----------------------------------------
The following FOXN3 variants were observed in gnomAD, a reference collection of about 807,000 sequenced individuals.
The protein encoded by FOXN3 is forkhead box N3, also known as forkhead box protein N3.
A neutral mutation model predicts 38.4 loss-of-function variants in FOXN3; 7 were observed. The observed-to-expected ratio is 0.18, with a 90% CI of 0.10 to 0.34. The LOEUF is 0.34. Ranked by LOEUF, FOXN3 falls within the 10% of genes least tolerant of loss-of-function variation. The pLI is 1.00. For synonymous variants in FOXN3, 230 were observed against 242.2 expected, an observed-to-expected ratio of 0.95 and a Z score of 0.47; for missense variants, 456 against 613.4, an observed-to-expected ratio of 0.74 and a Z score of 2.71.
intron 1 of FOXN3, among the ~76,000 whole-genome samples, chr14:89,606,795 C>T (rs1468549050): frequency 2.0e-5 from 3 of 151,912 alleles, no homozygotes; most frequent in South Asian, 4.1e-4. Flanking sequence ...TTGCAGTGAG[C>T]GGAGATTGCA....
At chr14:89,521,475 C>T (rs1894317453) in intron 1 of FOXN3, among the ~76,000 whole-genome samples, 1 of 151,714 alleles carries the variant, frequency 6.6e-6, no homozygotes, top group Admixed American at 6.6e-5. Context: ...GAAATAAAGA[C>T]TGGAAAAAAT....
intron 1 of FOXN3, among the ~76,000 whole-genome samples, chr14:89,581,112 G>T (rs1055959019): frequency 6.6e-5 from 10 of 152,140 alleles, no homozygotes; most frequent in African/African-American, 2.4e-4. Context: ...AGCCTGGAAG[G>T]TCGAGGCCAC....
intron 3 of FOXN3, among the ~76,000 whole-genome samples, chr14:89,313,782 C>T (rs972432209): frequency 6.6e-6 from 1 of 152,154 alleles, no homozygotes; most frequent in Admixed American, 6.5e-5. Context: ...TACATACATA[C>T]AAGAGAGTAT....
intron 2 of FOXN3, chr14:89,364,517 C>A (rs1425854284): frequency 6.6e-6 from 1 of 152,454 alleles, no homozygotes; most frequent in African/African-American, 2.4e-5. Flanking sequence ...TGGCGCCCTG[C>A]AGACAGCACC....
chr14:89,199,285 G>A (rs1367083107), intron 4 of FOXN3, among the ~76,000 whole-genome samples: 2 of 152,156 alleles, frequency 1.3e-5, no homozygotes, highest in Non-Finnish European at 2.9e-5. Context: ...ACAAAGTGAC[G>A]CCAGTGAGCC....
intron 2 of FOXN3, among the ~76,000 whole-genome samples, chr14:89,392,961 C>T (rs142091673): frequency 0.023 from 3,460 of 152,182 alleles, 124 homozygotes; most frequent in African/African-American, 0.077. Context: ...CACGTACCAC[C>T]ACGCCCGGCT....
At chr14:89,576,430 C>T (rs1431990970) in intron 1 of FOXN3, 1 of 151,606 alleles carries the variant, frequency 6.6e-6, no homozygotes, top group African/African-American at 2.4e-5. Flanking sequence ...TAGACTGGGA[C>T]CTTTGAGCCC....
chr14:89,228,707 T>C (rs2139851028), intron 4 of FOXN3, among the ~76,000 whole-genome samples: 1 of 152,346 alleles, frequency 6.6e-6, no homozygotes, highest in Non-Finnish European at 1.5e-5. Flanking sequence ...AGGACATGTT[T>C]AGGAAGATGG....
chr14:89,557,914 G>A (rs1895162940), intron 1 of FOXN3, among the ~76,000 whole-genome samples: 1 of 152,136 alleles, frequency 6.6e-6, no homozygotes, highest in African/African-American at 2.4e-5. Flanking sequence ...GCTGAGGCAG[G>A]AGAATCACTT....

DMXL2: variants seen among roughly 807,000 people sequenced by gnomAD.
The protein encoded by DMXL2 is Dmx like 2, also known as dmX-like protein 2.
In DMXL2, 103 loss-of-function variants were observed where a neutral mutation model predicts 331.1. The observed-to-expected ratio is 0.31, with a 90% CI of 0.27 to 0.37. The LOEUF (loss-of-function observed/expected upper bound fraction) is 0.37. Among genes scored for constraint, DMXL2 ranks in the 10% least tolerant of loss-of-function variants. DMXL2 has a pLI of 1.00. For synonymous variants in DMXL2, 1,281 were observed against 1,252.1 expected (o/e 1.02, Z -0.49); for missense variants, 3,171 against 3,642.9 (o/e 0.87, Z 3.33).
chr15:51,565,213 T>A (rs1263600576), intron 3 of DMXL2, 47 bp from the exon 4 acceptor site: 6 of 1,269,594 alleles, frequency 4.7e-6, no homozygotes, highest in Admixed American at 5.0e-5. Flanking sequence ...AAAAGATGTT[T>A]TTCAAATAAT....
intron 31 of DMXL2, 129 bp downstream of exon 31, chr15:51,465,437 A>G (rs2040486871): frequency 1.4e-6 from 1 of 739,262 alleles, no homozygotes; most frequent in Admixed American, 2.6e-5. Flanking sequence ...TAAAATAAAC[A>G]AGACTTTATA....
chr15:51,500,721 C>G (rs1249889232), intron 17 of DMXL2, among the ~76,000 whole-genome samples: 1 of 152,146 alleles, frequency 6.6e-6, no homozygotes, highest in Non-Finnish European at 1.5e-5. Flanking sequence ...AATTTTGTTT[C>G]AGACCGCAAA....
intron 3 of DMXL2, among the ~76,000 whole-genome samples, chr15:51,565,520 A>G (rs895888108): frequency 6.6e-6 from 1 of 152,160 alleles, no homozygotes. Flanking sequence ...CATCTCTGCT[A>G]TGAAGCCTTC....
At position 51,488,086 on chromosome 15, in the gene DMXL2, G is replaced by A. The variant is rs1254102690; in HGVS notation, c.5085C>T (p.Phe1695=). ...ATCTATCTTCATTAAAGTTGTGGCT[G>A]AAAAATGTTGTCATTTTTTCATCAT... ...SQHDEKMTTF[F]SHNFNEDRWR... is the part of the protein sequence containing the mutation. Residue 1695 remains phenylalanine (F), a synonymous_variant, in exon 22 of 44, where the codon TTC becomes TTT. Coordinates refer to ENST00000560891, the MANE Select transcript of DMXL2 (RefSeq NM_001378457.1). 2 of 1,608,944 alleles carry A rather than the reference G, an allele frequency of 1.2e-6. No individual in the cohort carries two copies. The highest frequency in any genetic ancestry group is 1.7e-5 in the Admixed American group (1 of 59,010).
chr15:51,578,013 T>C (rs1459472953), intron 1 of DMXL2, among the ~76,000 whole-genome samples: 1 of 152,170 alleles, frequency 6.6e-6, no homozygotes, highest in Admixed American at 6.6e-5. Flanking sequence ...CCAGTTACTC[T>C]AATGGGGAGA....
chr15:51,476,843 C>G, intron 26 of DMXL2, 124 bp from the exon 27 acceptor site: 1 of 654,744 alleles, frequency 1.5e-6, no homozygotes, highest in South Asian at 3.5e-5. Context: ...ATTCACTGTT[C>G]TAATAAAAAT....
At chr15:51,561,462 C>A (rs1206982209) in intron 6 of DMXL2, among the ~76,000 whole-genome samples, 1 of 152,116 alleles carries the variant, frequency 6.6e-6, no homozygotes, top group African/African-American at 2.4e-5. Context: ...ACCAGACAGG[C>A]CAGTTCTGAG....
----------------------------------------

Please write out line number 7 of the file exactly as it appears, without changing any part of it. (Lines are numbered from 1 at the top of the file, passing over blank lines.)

intron 3 of FOXN3, among the ~76,000 whole-genome samples, chr14:89,313,782 C>T (rs972432209): frequency 6.6e-6 from 1 of 152,154 alleles, no homozygotes; most frequent in Admixed American, 6.5e-5. Context: ...TACATACATA[C>T]AAGAGAGTAT....